Families remember those lost to gun violence at event in Daffin Park

Families remember those lost to gun violence at event in Daffin Park
(Source: WTOC)

SAVANNAH, Ga. (WTOC) - Lots of people were spotted wearing orange in Daffin Park Saturday in an effort to end gun violence.

"I didn't lose a son. Someone took a great father, son, brother, and uncle away from me," supporter Brenda Curtis said.

It's been almost four years since Curtis learned that her son, Ricardo Morris, was found dead along LaRoche Avenue. Investigators are still working on her son's case and the family believes violence took their beloved "Ricky" away.

"And to have nothing change, but we are going to stay fighting," Curtis added.

Several families of gun violence victims joined Moms Demand Action and other groups Saturday for a picnic and memorial walk hoping to one day end gun violence. Savannah was just one of many cities participating in the national movement to stop gun violence.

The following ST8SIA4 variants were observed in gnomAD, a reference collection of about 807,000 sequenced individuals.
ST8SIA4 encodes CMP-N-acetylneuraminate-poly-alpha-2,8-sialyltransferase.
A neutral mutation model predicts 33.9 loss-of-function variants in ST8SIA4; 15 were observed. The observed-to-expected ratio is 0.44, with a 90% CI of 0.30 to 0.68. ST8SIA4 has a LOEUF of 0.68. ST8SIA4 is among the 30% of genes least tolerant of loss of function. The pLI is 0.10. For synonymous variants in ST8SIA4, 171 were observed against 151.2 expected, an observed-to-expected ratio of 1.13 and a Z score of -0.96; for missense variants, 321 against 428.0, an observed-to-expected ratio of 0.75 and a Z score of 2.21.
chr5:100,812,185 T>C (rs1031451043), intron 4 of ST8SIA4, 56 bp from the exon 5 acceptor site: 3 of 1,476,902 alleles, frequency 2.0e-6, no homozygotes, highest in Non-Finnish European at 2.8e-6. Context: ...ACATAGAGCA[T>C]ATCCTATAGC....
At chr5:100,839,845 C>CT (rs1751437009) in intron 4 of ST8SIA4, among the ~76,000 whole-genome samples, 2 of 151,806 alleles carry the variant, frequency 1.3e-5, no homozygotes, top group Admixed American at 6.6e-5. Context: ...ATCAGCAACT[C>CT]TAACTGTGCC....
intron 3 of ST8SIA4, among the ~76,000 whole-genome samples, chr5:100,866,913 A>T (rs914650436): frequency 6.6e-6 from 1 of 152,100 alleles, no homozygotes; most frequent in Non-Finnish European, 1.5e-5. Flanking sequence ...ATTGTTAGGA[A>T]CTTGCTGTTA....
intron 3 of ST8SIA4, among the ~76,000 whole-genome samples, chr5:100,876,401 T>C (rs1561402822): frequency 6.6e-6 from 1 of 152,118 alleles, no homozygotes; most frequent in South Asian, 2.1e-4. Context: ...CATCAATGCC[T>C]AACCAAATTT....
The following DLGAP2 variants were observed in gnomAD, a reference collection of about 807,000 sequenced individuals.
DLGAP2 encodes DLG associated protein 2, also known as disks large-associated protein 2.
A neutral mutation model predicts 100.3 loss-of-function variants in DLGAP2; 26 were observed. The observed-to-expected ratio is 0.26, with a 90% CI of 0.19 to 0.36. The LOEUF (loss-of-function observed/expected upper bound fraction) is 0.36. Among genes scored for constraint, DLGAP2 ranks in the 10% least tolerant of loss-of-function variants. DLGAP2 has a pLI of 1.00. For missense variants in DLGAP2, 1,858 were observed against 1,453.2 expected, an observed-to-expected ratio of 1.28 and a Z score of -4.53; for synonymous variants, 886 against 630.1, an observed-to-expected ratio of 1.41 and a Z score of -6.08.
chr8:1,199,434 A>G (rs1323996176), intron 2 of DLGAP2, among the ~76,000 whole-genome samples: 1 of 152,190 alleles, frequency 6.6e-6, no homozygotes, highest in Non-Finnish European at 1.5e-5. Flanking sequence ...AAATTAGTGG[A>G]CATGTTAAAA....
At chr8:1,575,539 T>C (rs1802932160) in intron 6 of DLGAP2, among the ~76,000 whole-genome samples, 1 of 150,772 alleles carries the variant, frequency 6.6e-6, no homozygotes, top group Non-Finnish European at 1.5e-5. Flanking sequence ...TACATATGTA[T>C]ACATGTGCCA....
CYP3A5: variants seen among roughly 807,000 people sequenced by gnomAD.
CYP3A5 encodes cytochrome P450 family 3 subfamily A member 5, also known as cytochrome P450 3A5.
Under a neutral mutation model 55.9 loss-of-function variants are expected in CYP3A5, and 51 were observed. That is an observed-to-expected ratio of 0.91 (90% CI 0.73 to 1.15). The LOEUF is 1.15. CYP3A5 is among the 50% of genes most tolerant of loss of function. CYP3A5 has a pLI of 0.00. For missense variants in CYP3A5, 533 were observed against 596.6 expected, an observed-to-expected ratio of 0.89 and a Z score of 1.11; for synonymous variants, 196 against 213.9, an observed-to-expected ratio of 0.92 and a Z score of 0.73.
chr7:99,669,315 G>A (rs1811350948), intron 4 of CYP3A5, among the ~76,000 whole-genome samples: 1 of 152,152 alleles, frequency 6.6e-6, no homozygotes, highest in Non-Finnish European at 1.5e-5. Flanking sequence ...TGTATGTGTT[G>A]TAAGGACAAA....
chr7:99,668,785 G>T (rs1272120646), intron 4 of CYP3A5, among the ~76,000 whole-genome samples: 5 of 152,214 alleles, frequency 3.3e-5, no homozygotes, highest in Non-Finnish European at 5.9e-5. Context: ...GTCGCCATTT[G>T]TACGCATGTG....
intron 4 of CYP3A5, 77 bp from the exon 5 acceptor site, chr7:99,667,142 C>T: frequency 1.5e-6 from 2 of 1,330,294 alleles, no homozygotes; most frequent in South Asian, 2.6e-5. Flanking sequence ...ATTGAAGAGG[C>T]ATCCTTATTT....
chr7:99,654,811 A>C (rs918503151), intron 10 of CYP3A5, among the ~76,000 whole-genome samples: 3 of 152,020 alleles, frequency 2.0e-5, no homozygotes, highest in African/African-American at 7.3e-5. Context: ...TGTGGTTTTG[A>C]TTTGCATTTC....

"We have kids that our attending funerals at a young age. The trauma is lasting and everlasting," supporter Julvonnia McDowell said.

“I don’t just advocate for gun reform. I’m also anti-gun violence. And I advocate for gun safety to make sure you’re storing your guns properly,” McDowell said.

Michelle and Joseph Pastures are also victims of gun violence after their son was killed in 2015. They also believe that people are making it too easy for criminals to get their hands on a gun.

"These loose guns that get stolen in cars get in the criminal hands. And the criminals are taking advantage of it," Joseph said.

Last month, Savannah Police told WTOC that they're still seeing an issue with people leaving their guns inside their cars and not locking their doors.

The Pastures believe people can do their part by keeping their belongings out of sight.

"They can just do the robbery or crime and throw it away, because it has nothing to do with their name," Joseph said.

These families say they hope more people will help put an end to gun violence, because it only takes a few seconds for your life to change.

"If it doesn’t affect them, then they don't care, and they won't come out. But as soon as it affects the person, they're on Facebook looking for groups to help them out."

For more information on Wear Orange for Gun Safety, please click here.

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